Everything Presents a Meaning…even Death

For the past two weeks, I’ve been empty. Losing someone isn’t something you’re prepared for.

Ok, so this happened. How to pick up the pieces now? How to breathe, laugh at a perverse joke, enjoy a piece of decadent chocolate melting on your tongue, lie in the sun while a Corona trickles down your throat? It doesn’t seem right, ethical, possible – to just ‘move on’.

Attending to responsibilities seems like impossible feats; kids, work, cooking, cleaning – how? What’s the point, your loved one isn’t here anymore. Period.

 I used to have this romantic perception of how people process losing someone meaningful to them. But this? Just absolutely emptiness. No clever words. No sense. No comfort.

My Dad died when I was 25. It was a different process than this recent one. He, a ‘beauty queen’ of sorts with his carrot juice and facial creams – had ironically succumbed to Leukemia. He wasn’t a kind or warm man, husband or father. So accepting his death was somewhat easy for my sisters and I. The only real devastation was realizing the complete waste our lives with him had been – how much more it could have been. That was a very sad thing to absorb.

However, these past two weeks were an entirely different story. One where love, and hope, and regret swarm like angry wasps around our hearts. Devastation. Total and complete powerlessness.

I’m not ashamed to say, every evening for the past two weeks, I drank. Not falling-over-Legos-on-the-floor drinking, but a few to numb whatever it was we were all feeling. I cried. I got angry. But in retrospect, I’m surprised I didn’t write, really talk to my girlfriends, run my turmoil out on the treadmill, beat the shit out of my heavy bag or paint my black feelings on a pure white canvas. I just crawled into an emotional ball – and reveled in it.

It was a storm. One that made no sense. It swiftly came raging in, took a life, then stuck around to arrogantly watch us weather the remaining pelting rain and flying debri – ripping us apart. And in the storm, we had nothing to hold onto for safety, to ground us, to ‘weather’ the pain. Each other – we had each other. But when pain comforts pain, all you really have is a puddle of co-mingled pain.

‘They’ – whatever smartass they were – said that ‘time heals all wounds’. I must agree. Just a smidge over two weeks, and I finally am starting to ‘feel’ again. I’m able to express and energize this loss into something tangible other than useless tears and empty bottles of wine.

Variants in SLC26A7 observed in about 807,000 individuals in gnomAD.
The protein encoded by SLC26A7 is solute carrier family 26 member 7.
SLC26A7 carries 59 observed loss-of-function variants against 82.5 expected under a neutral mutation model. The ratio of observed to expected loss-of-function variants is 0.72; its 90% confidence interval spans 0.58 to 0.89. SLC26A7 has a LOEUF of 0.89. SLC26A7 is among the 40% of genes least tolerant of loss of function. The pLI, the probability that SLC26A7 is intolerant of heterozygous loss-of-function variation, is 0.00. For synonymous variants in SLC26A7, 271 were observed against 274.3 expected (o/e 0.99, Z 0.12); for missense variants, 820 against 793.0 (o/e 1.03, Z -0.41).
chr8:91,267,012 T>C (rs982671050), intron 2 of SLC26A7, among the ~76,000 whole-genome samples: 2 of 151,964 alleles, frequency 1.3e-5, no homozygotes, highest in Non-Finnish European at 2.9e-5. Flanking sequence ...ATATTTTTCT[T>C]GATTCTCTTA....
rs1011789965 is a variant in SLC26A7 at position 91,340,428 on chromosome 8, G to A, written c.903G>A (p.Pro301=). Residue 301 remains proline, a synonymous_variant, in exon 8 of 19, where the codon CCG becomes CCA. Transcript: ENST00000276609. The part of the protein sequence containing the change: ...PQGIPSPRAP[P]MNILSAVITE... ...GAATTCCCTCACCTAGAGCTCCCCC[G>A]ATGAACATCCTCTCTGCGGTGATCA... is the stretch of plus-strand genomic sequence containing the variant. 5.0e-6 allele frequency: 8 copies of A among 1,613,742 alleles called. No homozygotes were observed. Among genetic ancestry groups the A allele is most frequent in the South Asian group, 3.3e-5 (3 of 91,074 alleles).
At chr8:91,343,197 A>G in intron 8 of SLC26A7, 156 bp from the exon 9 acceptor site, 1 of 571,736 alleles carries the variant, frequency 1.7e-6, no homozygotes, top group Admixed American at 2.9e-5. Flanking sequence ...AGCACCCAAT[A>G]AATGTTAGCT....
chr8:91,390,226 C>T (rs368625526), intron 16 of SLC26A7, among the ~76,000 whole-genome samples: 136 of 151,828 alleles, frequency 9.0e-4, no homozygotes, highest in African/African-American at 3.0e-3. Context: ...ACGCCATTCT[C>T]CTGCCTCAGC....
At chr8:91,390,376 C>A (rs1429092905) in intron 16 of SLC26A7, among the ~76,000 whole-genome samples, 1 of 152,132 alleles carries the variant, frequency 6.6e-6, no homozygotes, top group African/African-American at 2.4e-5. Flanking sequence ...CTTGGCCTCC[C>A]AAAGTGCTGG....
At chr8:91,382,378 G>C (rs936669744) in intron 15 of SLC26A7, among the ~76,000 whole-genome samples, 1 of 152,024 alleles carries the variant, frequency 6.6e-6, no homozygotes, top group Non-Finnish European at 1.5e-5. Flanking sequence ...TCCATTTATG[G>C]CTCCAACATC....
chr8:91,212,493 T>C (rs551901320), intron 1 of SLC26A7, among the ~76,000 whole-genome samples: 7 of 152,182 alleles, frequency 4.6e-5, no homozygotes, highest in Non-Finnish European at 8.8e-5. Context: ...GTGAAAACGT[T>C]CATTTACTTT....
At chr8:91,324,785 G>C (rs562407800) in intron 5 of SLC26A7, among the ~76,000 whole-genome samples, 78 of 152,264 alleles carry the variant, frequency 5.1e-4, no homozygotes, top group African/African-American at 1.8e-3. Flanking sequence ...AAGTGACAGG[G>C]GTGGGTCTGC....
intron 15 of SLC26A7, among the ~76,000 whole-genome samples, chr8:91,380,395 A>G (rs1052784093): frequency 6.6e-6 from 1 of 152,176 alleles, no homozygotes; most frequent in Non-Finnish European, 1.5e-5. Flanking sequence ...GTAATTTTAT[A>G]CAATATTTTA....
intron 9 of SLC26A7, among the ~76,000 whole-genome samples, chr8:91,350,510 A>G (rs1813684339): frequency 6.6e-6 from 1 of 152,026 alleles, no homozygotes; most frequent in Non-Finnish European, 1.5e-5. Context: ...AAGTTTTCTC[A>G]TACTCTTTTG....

There’s one song that hit me, the lyrics a bit meaningless, but the ethereal-then-angry melody spoke to my heart. For the first time in two weeks, I got on the treadmill, put this song on and ran. I ran hard and fully felt an emotional shift in his passing. I was able to run. I was able to breathe. I have this life – why waste it one moment more? I ran for him. I ran for what could have been, what should have been – but what can now be with the lives that I am able to still touch, to feel, to help. And I smiled. I didn’t cry. I grinned widely as I sprinted. Wherever he is, I feel him. Not his spirit perhaps, but his memories, his energy, his creativity. The body is gone but the ‘soul’ lives forever in people’s hearts, minds, work, life, family, love, and laughter – our everything.

It was nothing magical, this song-inspired-run moment. But it was a clear shift in perspective. The storm has passed, the skies opened up and my mission became clear. I AM ALIVE. Don’t waste it. Wherever this beautiful boy is, he wouldn’t want anyone to grieve indefinitely. There is shit to do. Take his memory with us everywhere and melt it into everything. Someone’s presence in this life can be so powerful, that when their bodies have left us, they end up fusing into our beings so perfectly. Never forget but never stop living.

He was a graffiti artist, among other talents, and the saying emblazoned in hot pink and electric green on his bedroom wall,            ‘One Day at a Time’ has become a gift.


I love you John. We miss you. I want you to come back. But thank you, for teaching me something I didn’t fully embrace before. You’re perfect and always will be, and forever young.

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